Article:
Economics to save the planet
Challenging accepted economic theory, E. F. Schumacher calls on world leaders to take a fresh, new approach to economic policy by considering the cost to humanity. In his book, "Small is Beautiful - Economics as if Humans Mattered", he outlines a series of proposals intended to save the planet from economic and environmental collapse. He validates his propositions through quotations from a collage of political, economic, and religious gurus ranging from Mao Tse-tung to Mohandas Gandhi, Karl Marx to Milton Keynes, Buddha to Jesus. Schumacher makes a compelling case - though admittedly oversimplified -- for what he calls "Buddhist economics." He heralds an Aquarian Age of peace and human creativity through nationalization of strategic industries, environment-friendly policies, use of intermediate technology, decentralized worker cooperation, and full, satisfying employment. He successfully creates an economic mission statement for the future.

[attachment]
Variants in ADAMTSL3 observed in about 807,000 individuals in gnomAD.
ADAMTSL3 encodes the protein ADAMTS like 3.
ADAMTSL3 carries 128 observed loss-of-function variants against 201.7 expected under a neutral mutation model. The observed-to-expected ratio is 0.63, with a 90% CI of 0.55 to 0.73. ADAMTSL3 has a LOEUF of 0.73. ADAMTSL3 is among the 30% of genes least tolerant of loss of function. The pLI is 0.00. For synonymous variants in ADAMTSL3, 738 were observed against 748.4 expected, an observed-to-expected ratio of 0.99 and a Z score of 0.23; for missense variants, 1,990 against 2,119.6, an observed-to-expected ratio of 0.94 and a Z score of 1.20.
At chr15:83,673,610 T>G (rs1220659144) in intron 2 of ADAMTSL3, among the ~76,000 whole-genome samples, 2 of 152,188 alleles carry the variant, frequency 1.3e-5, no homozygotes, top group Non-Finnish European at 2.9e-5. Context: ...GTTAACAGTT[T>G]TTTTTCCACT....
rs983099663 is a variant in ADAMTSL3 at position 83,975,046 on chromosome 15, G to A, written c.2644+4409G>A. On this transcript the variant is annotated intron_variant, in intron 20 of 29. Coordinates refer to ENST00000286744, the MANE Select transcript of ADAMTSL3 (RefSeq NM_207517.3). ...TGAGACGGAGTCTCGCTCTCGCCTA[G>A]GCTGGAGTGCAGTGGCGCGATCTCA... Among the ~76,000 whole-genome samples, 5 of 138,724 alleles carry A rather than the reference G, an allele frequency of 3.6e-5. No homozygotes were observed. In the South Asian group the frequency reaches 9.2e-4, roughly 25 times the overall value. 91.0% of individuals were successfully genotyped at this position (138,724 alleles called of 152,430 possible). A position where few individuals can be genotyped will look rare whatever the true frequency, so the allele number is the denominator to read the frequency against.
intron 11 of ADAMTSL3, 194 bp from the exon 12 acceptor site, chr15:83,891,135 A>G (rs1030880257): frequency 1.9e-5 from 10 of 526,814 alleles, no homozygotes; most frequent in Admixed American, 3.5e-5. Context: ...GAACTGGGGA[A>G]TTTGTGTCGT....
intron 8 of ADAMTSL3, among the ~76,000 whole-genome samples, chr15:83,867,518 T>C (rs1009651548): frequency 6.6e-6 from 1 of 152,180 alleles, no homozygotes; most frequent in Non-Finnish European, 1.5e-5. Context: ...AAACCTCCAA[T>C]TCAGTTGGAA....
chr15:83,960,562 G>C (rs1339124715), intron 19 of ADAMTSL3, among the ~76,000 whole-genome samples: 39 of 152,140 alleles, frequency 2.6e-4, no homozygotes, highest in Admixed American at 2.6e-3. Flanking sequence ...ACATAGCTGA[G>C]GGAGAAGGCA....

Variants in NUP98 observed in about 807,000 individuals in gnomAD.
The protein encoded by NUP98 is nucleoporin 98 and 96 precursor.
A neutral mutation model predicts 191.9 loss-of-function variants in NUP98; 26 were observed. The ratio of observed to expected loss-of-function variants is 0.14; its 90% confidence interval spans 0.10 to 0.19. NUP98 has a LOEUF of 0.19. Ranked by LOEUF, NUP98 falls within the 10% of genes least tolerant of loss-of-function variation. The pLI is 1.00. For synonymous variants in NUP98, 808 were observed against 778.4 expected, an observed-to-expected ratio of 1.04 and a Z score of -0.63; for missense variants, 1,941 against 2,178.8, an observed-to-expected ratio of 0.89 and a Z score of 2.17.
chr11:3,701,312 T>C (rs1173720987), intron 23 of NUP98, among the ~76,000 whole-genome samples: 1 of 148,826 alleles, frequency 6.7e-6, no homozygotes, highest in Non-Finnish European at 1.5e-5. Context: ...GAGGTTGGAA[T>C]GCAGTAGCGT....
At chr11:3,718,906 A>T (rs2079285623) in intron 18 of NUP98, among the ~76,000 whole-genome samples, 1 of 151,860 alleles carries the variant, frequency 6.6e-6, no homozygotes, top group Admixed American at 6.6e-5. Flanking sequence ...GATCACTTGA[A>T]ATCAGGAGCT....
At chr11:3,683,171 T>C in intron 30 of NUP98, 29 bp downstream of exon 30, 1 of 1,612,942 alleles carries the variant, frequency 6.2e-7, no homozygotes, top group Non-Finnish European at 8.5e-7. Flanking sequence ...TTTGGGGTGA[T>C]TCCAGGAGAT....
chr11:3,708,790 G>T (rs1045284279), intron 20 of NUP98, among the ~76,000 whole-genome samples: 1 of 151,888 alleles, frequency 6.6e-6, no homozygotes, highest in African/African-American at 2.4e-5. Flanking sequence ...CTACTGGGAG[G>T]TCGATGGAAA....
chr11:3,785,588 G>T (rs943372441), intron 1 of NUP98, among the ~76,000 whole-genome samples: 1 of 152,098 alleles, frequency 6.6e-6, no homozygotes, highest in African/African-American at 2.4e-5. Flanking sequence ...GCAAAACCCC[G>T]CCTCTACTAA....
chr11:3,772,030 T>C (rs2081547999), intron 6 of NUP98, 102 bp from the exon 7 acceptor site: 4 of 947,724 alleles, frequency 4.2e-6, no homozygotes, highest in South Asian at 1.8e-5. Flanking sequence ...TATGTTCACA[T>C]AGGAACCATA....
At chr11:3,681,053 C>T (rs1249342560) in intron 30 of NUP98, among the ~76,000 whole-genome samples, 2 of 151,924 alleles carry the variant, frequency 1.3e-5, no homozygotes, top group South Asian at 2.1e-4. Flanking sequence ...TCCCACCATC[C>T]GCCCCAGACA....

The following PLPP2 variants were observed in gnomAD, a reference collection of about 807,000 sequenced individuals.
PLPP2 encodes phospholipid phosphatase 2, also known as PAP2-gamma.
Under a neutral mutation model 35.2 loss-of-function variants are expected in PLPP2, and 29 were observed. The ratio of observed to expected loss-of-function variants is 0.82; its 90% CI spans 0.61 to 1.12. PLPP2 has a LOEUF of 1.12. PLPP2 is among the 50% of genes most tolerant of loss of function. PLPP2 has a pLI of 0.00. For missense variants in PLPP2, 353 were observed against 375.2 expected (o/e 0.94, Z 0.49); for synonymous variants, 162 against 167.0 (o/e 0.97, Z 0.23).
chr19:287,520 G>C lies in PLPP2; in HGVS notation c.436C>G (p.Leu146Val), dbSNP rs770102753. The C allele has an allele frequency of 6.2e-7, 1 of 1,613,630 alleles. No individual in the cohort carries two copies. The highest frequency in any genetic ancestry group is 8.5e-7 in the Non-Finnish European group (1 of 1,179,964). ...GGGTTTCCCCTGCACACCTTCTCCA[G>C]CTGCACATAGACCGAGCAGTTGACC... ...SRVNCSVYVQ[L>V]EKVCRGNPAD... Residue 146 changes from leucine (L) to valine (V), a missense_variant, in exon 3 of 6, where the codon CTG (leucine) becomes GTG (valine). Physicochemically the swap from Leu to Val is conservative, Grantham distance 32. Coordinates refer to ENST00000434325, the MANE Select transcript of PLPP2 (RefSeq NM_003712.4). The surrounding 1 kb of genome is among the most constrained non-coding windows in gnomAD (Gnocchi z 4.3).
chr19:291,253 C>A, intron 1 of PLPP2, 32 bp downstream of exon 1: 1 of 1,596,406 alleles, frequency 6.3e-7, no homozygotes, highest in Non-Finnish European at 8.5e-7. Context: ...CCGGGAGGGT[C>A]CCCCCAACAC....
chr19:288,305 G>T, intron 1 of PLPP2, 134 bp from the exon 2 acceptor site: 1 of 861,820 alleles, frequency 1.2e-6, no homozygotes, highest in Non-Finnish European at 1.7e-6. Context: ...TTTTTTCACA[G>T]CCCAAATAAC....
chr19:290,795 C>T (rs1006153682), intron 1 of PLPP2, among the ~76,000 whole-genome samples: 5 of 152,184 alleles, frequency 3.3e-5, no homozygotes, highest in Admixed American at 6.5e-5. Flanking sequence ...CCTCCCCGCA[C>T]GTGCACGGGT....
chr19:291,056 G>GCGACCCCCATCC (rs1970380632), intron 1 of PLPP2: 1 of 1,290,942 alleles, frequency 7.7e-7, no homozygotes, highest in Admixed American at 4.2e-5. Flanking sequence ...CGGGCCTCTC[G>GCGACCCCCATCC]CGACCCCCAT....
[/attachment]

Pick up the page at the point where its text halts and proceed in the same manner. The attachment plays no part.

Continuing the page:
The "Great Heresy of Economics" And a Must Read
When I was a student at Brigham Young University in the early 80's, I was introduced by my macroeconomics professor to what many economists of the time considered to be the "great heresy of economic theory." - a copy of Small is Beautiful. He warned me that quoting it in research papers would be most unwise, as the BYU economics department was, and continues to be, a strong proponent of the current economic orthodoxy of infinite economic growth and prosperity that dominates economics even today. He finished by saying that "Schumacher was a radical, no doubt about it. However, he will also turn out to be right in the end."